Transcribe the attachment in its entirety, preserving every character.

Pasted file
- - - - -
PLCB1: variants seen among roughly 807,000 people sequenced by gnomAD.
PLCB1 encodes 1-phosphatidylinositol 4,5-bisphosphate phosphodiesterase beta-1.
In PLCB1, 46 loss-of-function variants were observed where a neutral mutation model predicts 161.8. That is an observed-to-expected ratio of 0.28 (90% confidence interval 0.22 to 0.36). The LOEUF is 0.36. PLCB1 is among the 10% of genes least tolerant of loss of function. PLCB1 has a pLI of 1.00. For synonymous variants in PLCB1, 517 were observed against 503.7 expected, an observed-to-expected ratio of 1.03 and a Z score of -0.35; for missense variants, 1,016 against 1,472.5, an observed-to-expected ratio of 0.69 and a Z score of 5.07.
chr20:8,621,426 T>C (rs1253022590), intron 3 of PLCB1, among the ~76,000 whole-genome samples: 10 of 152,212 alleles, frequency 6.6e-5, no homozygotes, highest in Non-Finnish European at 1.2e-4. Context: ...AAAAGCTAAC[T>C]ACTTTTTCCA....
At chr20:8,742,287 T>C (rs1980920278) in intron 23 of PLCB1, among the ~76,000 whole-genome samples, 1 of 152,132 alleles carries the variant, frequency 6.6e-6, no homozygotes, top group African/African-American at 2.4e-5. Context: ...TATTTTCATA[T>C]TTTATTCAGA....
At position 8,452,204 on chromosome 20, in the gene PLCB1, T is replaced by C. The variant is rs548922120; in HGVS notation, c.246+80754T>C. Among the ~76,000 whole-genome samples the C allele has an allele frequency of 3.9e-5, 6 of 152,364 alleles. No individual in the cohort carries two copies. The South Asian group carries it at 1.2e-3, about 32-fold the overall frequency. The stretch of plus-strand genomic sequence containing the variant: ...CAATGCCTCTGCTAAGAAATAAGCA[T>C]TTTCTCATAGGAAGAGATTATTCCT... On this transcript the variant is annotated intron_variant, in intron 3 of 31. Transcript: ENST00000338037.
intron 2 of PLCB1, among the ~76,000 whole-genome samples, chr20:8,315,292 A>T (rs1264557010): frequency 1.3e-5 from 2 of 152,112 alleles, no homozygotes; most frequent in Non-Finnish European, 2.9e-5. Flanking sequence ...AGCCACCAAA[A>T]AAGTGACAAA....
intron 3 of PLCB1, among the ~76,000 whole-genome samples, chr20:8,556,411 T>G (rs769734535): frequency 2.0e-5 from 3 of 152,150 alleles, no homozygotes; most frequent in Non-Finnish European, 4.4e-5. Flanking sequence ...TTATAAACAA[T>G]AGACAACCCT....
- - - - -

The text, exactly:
PLCB1: variants seen among roughly 807,000 people sequenced by gnomAD.
PLCB1 encodes 1-phosphatidylinositol 4,5-bisphosphate phosphodiesterase beta-1.
In PLCB1, 46 loss-of-function variants were observed where a neutral mutation model predicts 161.8. That is an observed-to-expected ratio of 0.28 (90% confidence interval 0.22 to 0.36). The LOEUF is 0.36. PLCB1 is among the 10% of genes least tolerant of loss of function. PLCB1 has a pLI of 1.00. For synonymous variants in PLCB1, 517 were observed against 503.7 expected, an observed-to-expected ratio of 1.03 and a Z score of -0.35; for missense variants, 1,016 against 1,472.5, an observed-to-expected ratio of 0.69 and a Z score of 5.07.
chr20:8,621,426 T>C (rs1253022590), intron 3 of PLCB1, among the ~76,000 whole-genome samples: 10 of 152,212 alleles, frequency 6.6e-5, no homozygotes, highest in Non-Finnish European at 1.2e-4. Context: ...AAAAGCTAAC[T>C]ACTTTTTCCA....
At chr20:8,742,287 T>C (rs1980920278) in intron 23 of PLCB1, among the ~76,000 whole-genome samples, 1 of 152,132 alleles carries the variant, frequency 6.6e-6, no homozygotes, top group African/African-American at 2.4e-5. Context: ...TATTTTCATA[T>C]TTTATTCAGA....
At position 8,452,204 on chromosome 20, in the gene PLCB1, T is replaced by C. The variant is rs548922120; in HGVS notation, c.246+80754T>C. Among the ~76,000 whole-genome samples the C allele has an allele frequency of 3.9e-5, 6 of 152,364 alleles. No individual in the cohort carries two copies. The South Asian group carries it at 1.2e-3, about 32-fold the overall frequency. The stretch of plus-strand genomic sequence containing the variant: ...CAATGCCTCTGCTAAGAAATAAGCA[T>C]TTTCTCATAGGAAGAGATTATTCCT... On this transcript the variant is annotated intron_variant, in intron 3 of 31. Transcript: ENST00000338037.
intron 2 of PLCB1, among the ~76,000 whole-genome samples, chr20:8,315,292 A>T (rs1264557010): frequency 1.3e-5 from 2 of 152,112 alleles, no homozygotes; most frequent in Non-Finnish European, 2.9e-5. Flanking sequence ...AGCCACCAAA[A>T]AAGTGACAAA....
intron 3 of PLCB1, among the ~76,000 whole-genome samples, chr20:8,556,411 T>G (rs769734535): frequency 2.0e-5 from 3 of 152,150 alleles, no homozygotes; most frequent in Non-Finnish European, 4.4e-5. Flanking sequence ...TTATAAACAA[T>G]AGACAACCCT....